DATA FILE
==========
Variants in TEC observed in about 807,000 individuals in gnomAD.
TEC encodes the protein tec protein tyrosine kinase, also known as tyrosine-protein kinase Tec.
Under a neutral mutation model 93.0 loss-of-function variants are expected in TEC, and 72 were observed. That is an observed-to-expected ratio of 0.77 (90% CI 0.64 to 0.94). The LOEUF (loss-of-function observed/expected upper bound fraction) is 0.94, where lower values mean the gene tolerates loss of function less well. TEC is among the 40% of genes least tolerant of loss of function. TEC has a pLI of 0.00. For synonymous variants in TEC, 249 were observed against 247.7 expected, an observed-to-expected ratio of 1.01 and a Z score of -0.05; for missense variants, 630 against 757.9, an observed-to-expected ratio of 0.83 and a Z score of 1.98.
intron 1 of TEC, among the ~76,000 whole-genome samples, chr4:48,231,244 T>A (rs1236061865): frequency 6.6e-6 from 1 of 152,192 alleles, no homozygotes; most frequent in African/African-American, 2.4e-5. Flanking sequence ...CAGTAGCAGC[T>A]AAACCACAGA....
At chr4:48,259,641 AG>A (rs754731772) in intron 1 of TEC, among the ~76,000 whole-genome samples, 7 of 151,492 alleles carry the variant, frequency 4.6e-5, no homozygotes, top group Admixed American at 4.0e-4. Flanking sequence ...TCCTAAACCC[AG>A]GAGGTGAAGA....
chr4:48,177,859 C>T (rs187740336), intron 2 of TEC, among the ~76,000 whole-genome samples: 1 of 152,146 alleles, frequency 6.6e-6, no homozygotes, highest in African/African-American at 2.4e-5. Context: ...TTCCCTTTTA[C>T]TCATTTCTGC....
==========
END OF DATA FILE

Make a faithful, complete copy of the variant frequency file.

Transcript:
Variants in TEC observed in about 807,000 individuals in gnomAD.
TEC encodes the protein tec protein tyrosine kinase, also known as tyrosine-protein kinase Tec.
Under a neutral mutation model 93.0 loss-of-function variants are expected in TEC, and 72 were observed. That is an observed-to-expected ratio of 0.77 (90% CI 0.64 to 0.94). The LOEUF (loss-of-function observed/expected upper bound fraction) is 0.94, where lower values mean the gene tolerates loss of function less well. TEC is among the 40% of genes least tolerant of loss of function. TEC has a pLI of 0.00. For synonymous variants in TEC, 249 were observed against 247.7 expected, an observed-to-expected ratio of 1.01 and a Z score of -0.05; for missense variants, 630 against 757.9, an observed-to-expected ratio of 0.83 and a Z score of 1.98.
intron 1 of TEC, among the ~76,000 whole-genome samples, chr4:48,231,244 T>A (rs1236061865): frequency 6.6e-6 from 1 of 152,192 alleles, no homozygotes; most frequent in African/African-American, 2.4e-5. Flanking sequence ...CAGTAGCAGC[T>A]AAACCACAGA....
At chr4:48,259,641 AG>A (rs754731772) in intron 1 of TEC, among the ~76,000 whole-genome samples, 7 of 151,492 alleles carry the variant, frequency 4.6e-5, no homozygotes, top group Admixed American at 4.0e-4. Flanking sequence ...TCCTAAACCC[AG>A]GAGGTGAAGA....
chr4:48,177,859 C>T (rs187740336), intron 2 of TEC, among the ~76,000 whole-genome samples: 1 of 152,146 alleles, frequency 6.6e-6, no homozygotes, highest in African/African-American at 2.4e-5. Context: ...TTCCCTTTTA[C>T]TCATTTCTGC....